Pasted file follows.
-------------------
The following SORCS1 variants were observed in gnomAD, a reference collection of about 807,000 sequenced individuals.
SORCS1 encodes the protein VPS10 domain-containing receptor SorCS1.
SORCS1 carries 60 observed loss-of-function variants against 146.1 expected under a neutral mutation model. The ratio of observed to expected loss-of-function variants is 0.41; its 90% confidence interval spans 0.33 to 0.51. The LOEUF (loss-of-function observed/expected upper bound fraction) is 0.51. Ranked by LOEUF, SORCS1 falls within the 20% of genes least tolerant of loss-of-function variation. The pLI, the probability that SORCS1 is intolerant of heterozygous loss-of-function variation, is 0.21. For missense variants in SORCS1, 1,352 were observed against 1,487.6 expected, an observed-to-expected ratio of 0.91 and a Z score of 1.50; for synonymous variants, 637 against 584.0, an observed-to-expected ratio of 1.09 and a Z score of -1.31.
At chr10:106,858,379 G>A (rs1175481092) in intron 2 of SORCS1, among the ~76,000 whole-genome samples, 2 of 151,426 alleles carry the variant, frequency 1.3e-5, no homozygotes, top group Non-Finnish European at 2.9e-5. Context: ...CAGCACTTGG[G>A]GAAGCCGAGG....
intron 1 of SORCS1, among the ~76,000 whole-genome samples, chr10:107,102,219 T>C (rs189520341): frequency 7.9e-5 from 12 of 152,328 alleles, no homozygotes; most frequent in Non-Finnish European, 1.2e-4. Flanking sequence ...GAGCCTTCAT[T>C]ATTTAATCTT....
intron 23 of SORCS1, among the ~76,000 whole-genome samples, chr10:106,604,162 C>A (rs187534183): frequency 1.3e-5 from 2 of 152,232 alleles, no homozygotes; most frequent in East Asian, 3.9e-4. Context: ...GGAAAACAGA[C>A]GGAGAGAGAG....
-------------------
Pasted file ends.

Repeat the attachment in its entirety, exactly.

The following SORCS1 variants were observed in gnomAD, a reference collection of about 807,000 sequenced individuals.
SORCS1 encodes the protein VPS10 domain-containing receptor SorCS1.
SORCS1 carries 60 observed loss-of-function variants against 146.1 expected under a neutral mutation model. The ratio of observed to expected loss-of-function variants is 0.41; its 90% confidence interval spans 0.33 to 0.51. The LOEUF (loss-of-function observed/expected upper bound fraction) is 0.51. Ranked by LOEUF, SORCS1 falls within the 20% of genes least tolerant of loss-of-function variation. The pLI, the probability that SORCS1 is intolerant of heterozygous loss-of-function variation, is 0.21. For missense variants in SORCS1, 1,352 were observed against 1,487.6 expected, an observed-to-expected ratio of 0.91 and a Z score of 1.50; for synonymous variants, 637 against 584.0, an observed-to-expected ratio of 1.09 and a Z score of -1.31.
At chr10:106,858,379 G>A (rs1175481092) in intron 2 of SORCS1, among the ~76,000 whole-genome samples, 2 of 151,426 alleles carry the variant, frequency 1.3e-5, no homozygotes, top group Non-Finnish European at 2.9e-5. Context: ...CAGCACTTGG[G>A]GAAGCCGAGG....
intron 1 of SORCS1, among the ~76,000 whole-genome samples, chr10:107,102,219 T>C (rs189520341): frequency 7.9e-5 from 12 of 152,328 alleles, no homozygotes; most frequent in Non-Finnish European, 1.2e-4. Flanking sequence ...GAGCCTTCAT[T>C]ATTTAATCTT....
intron 23 of SORCS1, among the ~76,000 whole-genome samples, chr10:106,604,162 C>A (rs187534183): frequency 1.3e-5 from 2 of 152,232 alleles, no homozygotes; most frequent in East Asian, 3.9e-4. Context: ...GGAAAACAGA[C>A]GGAGAGAGAG....